Relationship Marketing: Why You Need To Build Strong Networks

Relationship marketing is a way of building your business by focusing on relationships first, and sales second. When it works perfectly (which it rarely does) relationship marketing removes the need to sell. You simply build an audience that wants what you have to offer, then show them what you have to offer.

Relationship marketing is all about building strong networks, nurturing your relationships with those in your network and then letting them know what you can do for them. If you love people but hate selling, relationship marketing is for you. There are ten simple concepts that will make it easier.

Relationship Marketing

 

1. Make an Effort

Networking shouldn’t be something that just happens. Get organized and plan a schedule of attending events or other opportunities to network, along with following up and nurturing your new relationships. Networking online? You still need a plan and a schedule. Follow up with your online contacts regularly, by email, via Facebook messenger, by commenting on their blogs or collaborating in other ways.

2. Face to Face Is Better than Virtual

The internet makes it easy to meet people and stay in touch, but face-to-face contact in person is still the best. Take advantage of any opportunity you have to network offline and interact in the real world with your contacts. Check out MeetUp.com for networking events in your area.

3. Know What You Bring to the Table

Before you start building those relationships, identify the skills, experience, expertise and other value that you bring to the interaction. Take a good look at your resources and skill set to determine what you can do for others. Approach the new people you meet with confidence and let this value show. Be committed to following through on whatever you promise. Don’t be afraid to help a few people for free. It will often result in recommendations and  testimonials.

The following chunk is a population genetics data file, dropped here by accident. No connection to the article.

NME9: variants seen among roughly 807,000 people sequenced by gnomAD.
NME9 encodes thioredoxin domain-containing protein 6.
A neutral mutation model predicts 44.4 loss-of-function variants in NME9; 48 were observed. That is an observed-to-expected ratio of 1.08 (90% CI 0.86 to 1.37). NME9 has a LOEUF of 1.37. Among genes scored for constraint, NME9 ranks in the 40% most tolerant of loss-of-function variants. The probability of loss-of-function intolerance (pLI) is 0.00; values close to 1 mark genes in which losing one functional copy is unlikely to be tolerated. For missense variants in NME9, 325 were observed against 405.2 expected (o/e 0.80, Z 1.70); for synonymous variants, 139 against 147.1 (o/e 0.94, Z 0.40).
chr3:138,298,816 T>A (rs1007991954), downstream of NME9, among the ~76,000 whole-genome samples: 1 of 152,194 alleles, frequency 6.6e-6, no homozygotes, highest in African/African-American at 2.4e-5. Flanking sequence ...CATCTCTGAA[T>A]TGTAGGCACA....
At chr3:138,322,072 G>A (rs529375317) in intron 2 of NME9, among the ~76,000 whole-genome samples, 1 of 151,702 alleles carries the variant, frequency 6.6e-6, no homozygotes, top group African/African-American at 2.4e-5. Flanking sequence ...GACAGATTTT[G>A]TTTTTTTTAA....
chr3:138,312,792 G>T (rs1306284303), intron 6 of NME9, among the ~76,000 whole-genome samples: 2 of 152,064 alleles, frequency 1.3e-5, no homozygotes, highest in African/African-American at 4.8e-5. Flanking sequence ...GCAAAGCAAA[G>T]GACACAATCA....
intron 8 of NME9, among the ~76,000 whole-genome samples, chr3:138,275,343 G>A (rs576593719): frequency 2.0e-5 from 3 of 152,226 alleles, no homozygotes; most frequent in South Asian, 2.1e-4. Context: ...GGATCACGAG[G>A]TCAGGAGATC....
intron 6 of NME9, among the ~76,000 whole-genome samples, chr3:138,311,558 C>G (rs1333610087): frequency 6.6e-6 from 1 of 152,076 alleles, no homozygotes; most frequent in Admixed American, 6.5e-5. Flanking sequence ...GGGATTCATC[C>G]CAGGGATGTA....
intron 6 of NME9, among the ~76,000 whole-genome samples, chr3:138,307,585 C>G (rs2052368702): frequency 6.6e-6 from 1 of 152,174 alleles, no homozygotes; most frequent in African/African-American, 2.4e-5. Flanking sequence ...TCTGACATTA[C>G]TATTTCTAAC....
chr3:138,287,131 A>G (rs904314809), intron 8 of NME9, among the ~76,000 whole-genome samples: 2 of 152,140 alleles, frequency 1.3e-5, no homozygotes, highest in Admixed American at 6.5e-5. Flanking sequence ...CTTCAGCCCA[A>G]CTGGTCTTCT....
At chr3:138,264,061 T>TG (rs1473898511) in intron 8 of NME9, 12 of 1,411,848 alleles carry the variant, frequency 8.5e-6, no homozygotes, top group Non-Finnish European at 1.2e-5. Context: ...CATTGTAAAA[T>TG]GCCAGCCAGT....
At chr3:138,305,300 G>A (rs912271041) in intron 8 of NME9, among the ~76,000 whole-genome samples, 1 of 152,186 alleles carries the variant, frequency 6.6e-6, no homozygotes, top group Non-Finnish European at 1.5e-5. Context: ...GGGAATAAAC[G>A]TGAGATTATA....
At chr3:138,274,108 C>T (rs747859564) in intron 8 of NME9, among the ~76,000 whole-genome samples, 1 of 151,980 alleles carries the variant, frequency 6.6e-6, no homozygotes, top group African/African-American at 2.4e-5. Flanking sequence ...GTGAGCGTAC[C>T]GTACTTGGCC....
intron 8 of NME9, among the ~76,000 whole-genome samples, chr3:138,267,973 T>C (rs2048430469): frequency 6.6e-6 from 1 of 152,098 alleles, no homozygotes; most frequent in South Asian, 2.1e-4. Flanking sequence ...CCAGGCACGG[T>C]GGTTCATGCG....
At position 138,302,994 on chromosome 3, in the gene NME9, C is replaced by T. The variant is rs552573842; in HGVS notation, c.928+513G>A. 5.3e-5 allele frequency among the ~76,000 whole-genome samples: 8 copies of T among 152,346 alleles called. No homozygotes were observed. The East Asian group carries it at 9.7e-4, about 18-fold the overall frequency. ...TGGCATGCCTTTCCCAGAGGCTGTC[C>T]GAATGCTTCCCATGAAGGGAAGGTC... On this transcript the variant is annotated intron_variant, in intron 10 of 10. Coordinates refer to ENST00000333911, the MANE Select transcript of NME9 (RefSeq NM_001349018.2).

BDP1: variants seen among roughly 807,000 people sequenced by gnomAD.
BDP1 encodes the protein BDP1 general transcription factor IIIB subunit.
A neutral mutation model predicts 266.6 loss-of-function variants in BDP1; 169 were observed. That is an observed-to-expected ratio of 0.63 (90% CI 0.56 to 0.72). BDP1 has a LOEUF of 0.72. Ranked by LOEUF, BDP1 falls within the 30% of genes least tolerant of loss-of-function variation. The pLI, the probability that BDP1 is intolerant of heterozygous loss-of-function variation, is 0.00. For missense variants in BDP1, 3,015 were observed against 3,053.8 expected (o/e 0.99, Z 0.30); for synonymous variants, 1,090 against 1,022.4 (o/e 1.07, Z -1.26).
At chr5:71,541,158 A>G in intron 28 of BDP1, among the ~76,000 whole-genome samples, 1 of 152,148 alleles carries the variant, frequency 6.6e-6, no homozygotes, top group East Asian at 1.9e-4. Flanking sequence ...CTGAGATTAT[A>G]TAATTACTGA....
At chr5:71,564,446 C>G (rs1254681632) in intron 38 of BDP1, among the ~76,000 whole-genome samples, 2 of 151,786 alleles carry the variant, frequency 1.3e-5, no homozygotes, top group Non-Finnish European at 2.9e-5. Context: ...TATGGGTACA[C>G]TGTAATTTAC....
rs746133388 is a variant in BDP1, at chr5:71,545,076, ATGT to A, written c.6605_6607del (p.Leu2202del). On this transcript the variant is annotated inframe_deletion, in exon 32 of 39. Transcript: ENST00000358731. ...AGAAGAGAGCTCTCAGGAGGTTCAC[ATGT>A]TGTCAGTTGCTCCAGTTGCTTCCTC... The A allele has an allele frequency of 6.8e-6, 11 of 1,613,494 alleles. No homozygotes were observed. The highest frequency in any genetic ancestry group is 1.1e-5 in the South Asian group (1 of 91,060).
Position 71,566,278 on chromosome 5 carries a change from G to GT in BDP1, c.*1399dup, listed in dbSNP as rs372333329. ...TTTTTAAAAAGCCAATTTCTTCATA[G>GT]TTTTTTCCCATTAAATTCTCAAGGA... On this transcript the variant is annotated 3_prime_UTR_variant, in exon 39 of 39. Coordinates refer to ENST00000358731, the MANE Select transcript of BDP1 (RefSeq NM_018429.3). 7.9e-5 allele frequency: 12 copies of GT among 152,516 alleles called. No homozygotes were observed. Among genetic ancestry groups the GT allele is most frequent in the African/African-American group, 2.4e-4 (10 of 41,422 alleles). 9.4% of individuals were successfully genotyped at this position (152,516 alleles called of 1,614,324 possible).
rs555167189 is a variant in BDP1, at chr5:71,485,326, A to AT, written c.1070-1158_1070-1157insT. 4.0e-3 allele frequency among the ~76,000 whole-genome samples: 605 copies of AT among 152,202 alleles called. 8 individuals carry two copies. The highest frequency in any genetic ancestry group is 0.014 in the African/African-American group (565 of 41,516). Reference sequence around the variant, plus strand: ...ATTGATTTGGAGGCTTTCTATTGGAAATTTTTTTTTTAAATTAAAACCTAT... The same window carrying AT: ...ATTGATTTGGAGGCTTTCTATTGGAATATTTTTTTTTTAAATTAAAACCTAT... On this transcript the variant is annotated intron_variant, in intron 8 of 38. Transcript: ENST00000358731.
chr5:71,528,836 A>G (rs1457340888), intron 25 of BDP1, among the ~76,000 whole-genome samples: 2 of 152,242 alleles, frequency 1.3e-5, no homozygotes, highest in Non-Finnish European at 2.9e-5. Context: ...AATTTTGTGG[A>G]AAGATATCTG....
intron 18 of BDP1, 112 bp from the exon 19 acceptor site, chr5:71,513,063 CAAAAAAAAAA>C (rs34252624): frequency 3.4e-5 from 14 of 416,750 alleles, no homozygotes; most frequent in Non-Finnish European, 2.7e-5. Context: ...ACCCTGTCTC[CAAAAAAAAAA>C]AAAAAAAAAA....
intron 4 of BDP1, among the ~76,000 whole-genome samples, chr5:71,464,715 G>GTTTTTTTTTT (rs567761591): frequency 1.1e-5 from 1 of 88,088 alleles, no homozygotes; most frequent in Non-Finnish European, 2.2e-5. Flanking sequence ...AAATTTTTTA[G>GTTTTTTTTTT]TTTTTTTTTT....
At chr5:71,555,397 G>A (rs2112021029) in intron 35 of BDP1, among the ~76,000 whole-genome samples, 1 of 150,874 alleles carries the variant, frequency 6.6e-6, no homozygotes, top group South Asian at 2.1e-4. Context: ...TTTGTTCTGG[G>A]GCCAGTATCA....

4. Get into Conversations

When you’re at an event networking to build your list of contacts, it’s better to meet fewer people but become more engaged with them than to meet many people who you only have a chance to say “hello” to. Try to get into a real conversation with someone even if it means you’ll connect with fewer people. This goes for online networking too. It’s better to have a hundred followers who love everything you do than a thousand who don’t even know what you do. Quality trumps quantity. Every time.

5. Go for a Win-Win

Never form relationships based only on what others can do for you. If you make each relationship mutually rewarding so that it’s beneficial for everyone, it will be much stronger. The other party will be more likely to do things for you when they’re also benefiting from knowing you. This can be as simple as sharing someone’s content on social media or linking to a useful post on their blog.

6. Stay in Touch

A very important part of cultivating network relationships is staying in touch with those you meet. Whether you interact casually on social media or actually write formal follow-up letters, it’s important to stay on the radar of the people you meet. It’s fine to ask people in your network to join your email list, if they’d be interested in what you have to offer. Email communication is a great way to build relationships, and when you do have something to sell, you can mention it in your weekly or monthly email, with just a short description of its benefits. If you’ve built a targeted audience, they’ll be no need for a hard sell.